Right from the get-go, Robert Mapplethorpe’s photography was always ripely provocative, but the following six images were so explicit, they were almost downright criminal.
A new HBO documentary, Robert Mapplethorpe: Look at the Pictures, takes an uncensored look at the iconic artist’s life and career. Our friends at HBO invited us to watch a special screening of this documentary at the Castro Theater last week, where our fascination with Mapplethorpe was reignited. From his ambitious beginnings on Bond Street to becoming the art-world’s premier enfant terrible, Robert Mapplethorpe pushed all boundaries to give us jaw-dropping works of art up until his dying day.
In 1989, just months after the artist’s untimely death, Robert Mapplethorpe’s touring exhibit The Perfect Moment stirred the biggest nationwide controversy. The exhibit, sponsored by the National Endowment for the Arts, featured never-before-seen images from Mapplethorpe’s BDSM-inspired X Portfolio. The portfolio’s photos depicting fisting, piss play and a very-transgressive self-portrait were deemed obscene, which meant that displaying them in public was actually against the law.
In an effort to promote censorship, conservative lawmakers at the time strongly believed that government funding should not go towards art institutions that hosted the exhibit, including D.C.’s Corcoran Gallery of Art and Cincinnati’s Contemporary Arts Center. Facing mounting pressure, the Corcoran Gallery canceled the exhibit, but the CAC stuck to its guns and was taken to court for breaking obscenity laws. According to The New York Times, it was “the first criminal trial of an art museum arising from the contents of an exhibition.”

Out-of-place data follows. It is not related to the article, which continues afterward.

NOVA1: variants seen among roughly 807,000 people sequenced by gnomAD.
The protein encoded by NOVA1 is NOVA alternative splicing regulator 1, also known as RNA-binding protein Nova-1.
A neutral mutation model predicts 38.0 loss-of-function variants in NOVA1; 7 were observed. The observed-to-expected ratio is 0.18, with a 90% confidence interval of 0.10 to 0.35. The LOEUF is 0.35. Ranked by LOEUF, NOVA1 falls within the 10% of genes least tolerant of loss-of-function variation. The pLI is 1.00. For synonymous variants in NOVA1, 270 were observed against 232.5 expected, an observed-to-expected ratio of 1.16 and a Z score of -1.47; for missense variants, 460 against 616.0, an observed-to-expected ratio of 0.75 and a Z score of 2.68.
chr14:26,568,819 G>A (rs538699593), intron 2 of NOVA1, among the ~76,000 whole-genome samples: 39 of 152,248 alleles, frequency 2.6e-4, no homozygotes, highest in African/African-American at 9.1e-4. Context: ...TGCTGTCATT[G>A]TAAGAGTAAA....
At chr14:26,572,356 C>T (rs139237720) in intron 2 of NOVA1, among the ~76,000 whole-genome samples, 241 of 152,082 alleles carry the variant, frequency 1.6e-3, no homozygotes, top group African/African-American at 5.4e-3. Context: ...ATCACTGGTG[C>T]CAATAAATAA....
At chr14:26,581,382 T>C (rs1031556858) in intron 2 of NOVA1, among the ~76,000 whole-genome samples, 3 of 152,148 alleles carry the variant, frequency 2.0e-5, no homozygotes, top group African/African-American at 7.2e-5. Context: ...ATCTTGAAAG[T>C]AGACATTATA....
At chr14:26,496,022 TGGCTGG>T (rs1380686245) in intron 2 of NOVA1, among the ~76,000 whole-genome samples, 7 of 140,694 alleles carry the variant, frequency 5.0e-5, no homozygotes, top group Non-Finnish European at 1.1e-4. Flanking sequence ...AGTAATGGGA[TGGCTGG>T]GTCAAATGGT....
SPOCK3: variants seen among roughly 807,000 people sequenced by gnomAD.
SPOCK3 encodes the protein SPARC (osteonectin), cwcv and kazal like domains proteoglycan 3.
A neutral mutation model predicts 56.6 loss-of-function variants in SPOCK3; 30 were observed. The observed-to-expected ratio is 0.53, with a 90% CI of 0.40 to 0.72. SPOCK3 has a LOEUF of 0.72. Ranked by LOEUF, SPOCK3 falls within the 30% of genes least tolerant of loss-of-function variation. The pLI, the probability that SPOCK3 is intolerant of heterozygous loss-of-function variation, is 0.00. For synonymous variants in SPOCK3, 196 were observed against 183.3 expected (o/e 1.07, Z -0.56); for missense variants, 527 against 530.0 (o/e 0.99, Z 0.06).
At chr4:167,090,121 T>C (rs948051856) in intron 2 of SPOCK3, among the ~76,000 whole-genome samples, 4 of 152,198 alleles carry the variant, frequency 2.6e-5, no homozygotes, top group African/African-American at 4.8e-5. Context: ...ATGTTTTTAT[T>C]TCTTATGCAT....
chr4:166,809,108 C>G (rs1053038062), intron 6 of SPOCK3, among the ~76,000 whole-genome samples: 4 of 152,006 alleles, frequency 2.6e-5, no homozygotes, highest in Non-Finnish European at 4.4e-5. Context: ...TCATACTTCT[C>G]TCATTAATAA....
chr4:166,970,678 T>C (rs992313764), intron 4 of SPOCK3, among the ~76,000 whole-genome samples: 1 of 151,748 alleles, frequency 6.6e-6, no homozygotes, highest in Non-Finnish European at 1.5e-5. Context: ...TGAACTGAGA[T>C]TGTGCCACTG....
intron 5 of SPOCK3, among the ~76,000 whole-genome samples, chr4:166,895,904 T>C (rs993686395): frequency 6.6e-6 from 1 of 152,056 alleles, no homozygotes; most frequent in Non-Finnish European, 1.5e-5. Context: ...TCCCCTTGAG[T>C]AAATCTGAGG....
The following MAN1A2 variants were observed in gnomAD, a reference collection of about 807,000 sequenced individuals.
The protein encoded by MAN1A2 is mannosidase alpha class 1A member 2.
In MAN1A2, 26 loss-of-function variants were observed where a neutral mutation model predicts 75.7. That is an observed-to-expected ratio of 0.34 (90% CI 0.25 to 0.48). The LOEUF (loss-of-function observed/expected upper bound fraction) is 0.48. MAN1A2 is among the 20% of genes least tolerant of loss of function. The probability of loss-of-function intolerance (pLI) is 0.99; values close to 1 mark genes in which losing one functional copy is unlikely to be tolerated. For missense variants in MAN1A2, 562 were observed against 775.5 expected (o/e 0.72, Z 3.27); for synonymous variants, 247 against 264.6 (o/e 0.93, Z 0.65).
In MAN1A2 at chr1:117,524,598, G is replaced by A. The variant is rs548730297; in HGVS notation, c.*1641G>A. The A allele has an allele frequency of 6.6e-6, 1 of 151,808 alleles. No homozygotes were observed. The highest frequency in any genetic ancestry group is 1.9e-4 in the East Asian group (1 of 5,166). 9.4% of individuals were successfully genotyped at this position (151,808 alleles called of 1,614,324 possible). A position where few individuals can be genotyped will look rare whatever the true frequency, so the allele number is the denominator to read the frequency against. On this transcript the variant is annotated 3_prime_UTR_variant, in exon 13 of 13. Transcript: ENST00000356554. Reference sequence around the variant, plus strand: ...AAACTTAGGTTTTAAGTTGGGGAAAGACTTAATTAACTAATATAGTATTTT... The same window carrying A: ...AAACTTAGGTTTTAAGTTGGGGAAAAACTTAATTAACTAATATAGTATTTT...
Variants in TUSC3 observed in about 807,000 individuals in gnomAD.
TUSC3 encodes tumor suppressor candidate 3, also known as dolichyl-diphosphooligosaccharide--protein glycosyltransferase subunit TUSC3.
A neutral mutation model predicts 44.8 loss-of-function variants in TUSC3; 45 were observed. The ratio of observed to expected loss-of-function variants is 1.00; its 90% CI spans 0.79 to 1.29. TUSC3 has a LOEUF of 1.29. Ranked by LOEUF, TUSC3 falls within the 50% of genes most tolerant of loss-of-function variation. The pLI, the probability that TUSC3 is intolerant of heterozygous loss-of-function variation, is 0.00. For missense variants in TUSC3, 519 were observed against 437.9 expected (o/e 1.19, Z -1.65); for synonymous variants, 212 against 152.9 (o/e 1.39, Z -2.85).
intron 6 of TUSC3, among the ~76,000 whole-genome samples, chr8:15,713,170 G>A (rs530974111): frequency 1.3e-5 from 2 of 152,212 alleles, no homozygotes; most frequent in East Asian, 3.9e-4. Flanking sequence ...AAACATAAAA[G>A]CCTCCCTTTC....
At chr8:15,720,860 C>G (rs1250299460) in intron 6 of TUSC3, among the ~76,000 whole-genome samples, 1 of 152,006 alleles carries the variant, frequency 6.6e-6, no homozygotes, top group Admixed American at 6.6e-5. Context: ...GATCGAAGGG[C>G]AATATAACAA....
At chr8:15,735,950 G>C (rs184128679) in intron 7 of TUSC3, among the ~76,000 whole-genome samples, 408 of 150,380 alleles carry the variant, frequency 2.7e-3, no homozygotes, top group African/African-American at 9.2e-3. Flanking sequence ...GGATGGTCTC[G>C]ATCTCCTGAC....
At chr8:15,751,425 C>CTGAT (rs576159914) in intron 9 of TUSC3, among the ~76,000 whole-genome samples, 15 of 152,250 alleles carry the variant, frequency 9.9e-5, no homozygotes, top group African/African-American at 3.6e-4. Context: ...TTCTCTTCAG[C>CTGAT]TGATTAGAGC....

In court, art experts testified that even Mapplethorpe’s most explicit images had serious artistic value, and were therefore not pornographic nor obscene. The jury agreed, siding with the art institution exercising its freedom of speech in display such images. Out of the 175 photos in The Perfect Moment, only six of them were brought into question as being obscene. Here they are in all their uncensored glory.
If you want to see these images on the big screen, Robert Mapplethorpe: Look at the Pictures premieres on HBO on April 4.
Robert Mapplethorpe Self-Portrait
With this defiant, bullwhip-wielding self-portrait, Mapplethorpe is fearlessly objectifying himself.
Jim and Tom, Sausalito
Mapplethorpe’s ode to the infamously naughty gay BDSD underground of the 70’s.
Mapplethorpe believed that art was all about opening ourselves up. Clearly.
Clench your pearls.
Not particularly provocative until you learn that the mouth tube was typically connected to another man’s enema.
Helmut and Brooks, NYC
Jacquelynn Baas, director of the University Art Museum at the University of California at Berkeley, testified during the trial that this image was art because of the tension between the beautiful quality of the photograph and the “brutal nature of what’s going on in it.”